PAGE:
Scammers continue to up the ante. More recently, these fraudulent e-mail scams have gotten more sophisticated, targeting specific organizations in a practice called spear phishing, which is a more targeted approach. In these attacks, the phony e-mails masquerade as communication from within the organization - such as from the HR or IT department or from a specific manager. One pernicious example came in a report of spear phishing emails that targeted CEOS through emails disguised as court subpoenas.

Keep informed, educate your employees
Employers need to stay alert about new phishing scams and need to educate their workers about scams to protect the organization from vulnerabilities - it only takes one chink in the armor to launch an internal attack. Two good sources are the FBI e-scams and warnings update and the Anti Phishing Work Group, an organization which stays on top of the latest scams and is a good source of consumer information and education about phishing scams. In how to avoid phishing scams they offer consumer pointers, among them:

  • Be suspicious of any email with urgent requests for personal financial information
  • Don't use the links in an email, instant message, or chat to get to any web page if you suspect the message might not be authentic - call the company on the telephone, or log onto the website directly by typing in the Web adress in your browser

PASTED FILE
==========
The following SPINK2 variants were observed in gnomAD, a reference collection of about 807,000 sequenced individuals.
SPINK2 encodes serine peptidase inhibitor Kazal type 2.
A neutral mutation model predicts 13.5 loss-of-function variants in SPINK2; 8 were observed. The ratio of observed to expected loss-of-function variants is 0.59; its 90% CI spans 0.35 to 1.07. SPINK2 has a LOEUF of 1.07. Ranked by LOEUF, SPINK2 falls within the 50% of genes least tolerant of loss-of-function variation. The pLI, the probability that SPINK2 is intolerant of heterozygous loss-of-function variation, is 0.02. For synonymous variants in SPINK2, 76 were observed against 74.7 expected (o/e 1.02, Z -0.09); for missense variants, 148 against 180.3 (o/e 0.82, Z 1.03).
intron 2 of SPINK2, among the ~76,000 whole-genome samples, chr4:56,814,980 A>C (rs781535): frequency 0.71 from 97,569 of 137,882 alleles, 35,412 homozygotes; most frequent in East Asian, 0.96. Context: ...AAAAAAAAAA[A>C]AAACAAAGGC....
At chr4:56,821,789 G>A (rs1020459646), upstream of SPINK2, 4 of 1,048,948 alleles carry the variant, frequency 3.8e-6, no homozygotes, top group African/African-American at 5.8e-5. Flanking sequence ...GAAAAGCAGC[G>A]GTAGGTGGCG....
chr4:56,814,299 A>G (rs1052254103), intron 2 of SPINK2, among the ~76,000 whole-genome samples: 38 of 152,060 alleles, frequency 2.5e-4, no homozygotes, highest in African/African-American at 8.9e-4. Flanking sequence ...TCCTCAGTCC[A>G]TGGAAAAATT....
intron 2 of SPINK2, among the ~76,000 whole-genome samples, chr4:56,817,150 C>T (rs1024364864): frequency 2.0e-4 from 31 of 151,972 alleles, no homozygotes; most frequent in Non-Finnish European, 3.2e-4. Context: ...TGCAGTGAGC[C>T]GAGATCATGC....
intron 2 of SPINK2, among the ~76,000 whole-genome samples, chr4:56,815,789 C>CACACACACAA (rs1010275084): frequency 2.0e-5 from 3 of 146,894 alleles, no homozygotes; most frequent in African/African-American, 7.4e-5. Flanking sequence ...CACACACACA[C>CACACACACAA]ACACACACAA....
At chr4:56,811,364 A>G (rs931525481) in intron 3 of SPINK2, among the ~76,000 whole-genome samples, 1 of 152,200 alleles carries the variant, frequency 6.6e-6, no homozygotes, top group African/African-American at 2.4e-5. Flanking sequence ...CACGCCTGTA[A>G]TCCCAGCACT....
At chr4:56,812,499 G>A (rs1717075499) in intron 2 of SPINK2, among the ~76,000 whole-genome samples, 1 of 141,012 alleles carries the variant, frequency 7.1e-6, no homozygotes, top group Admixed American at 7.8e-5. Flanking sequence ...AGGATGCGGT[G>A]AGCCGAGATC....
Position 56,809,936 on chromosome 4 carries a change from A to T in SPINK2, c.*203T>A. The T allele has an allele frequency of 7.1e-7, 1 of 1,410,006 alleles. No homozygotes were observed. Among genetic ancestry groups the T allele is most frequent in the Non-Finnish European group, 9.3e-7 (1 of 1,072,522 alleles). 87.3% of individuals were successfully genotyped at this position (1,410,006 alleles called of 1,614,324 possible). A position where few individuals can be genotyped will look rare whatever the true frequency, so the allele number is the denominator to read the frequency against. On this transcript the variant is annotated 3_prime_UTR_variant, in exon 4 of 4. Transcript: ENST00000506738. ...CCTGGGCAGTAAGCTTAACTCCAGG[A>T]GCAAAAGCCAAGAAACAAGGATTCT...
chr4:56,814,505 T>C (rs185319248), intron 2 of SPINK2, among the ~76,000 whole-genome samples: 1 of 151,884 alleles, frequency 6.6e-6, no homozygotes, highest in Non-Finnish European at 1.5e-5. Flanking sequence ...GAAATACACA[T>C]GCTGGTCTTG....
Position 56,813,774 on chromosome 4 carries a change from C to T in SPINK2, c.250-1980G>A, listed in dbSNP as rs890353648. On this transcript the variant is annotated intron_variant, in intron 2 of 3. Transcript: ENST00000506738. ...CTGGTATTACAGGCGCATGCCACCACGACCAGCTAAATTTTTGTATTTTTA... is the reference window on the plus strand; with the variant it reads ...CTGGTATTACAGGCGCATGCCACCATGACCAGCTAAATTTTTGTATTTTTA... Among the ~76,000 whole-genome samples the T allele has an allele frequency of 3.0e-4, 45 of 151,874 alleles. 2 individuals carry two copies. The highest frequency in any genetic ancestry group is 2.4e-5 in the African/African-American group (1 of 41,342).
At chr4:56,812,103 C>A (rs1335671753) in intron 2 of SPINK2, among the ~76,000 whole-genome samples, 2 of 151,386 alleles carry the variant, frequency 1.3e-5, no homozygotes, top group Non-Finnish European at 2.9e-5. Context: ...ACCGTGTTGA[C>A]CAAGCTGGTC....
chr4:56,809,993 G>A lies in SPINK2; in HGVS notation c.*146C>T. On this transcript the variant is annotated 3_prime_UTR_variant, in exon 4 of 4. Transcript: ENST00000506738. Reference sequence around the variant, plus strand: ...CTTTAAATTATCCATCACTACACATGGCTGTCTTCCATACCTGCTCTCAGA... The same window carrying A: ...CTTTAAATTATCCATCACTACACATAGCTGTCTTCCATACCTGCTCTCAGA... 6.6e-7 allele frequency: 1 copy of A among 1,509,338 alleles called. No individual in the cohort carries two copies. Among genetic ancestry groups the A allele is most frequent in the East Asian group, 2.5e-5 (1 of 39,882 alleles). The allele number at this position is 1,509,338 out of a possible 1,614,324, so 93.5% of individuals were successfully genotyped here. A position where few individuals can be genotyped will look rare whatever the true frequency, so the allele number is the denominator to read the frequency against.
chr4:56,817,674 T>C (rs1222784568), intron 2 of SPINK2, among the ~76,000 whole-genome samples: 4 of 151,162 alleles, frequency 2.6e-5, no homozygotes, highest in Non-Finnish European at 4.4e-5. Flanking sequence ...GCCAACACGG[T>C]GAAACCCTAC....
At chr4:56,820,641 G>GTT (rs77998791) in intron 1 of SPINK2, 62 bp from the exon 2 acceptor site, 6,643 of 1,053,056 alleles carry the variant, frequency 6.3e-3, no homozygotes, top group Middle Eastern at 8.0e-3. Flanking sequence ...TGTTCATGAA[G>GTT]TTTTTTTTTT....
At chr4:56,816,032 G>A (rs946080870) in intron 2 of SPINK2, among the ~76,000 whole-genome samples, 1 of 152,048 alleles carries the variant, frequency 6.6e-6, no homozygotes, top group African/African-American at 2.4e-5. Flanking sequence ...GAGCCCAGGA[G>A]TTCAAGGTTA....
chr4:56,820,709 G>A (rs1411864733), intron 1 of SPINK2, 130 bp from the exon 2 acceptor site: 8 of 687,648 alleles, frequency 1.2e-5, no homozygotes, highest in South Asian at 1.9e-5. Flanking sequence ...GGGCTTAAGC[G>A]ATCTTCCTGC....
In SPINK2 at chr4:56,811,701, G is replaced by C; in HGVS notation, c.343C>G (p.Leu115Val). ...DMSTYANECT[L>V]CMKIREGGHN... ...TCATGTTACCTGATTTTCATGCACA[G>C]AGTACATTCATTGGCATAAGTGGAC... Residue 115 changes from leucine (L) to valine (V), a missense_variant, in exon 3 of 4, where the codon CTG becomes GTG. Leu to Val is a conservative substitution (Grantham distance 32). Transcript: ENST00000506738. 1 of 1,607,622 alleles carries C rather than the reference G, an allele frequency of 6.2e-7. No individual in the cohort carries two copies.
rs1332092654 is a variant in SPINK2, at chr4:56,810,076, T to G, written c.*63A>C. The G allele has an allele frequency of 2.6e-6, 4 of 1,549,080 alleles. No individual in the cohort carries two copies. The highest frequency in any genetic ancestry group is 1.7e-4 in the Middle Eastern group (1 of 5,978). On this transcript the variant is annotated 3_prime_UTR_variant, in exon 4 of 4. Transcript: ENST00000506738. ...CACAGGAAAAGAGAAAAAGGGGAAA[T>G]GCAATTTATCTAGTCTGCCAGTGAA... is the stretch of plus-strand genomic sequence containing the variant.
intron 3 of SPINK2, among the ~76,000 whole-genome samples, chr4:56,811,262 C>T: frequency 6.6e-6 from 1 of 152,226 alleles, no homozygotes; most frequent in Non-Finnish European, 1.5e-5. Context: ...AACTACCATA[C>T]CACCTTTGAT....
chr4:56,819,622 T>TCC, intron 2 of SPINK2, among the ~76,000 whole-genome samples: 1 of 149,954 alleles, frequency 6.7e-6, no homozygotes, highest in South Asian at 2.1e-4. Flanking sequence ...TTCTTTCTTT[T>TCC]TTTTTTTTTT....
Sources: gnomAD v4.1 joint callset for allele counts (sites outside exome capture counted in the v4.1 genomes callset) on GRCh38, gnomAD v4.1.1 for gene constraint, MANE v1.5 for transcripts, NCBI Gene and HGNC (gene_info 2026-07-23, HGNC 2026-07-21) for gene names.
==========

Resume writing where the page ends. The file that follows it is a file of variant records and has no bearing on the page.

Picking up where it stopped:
• Avoid filling out forms in email messages that ask for personal financial information - you should only communicate information such as credit card numbers or account information via a secure website or the telephone
  • Always ensure that you're using a secure website when submitting credit card or other sensitive information via your Web browser
  • Consider installing a Web browser tool bar to help protect you from known fraudulent websites.
  • Regularly log into your online accounts (to ensure that there has been not fraudulent activity)
  • Ensure that your browser is up to date and security patches applied
  • Always report "phishing" or “spoofed” e-mails to the following groups:
    * forward the email to reportphishing@antiphishing.org
    * forward the email to the Federal Trade Commission at spam@uce.gov

Make a policy that you will never ask for confidential employee information (passwords, credit card numbers, social security numbers) via e-mail and publicize the policy widely. Use newsletters, company meetings, and bulletins to publicize security tips and to teach your employees that whether at work or at home, they should never share confidential information via e-mail. Here are a few consumer quizzes you can use to test their - and your - knowledge: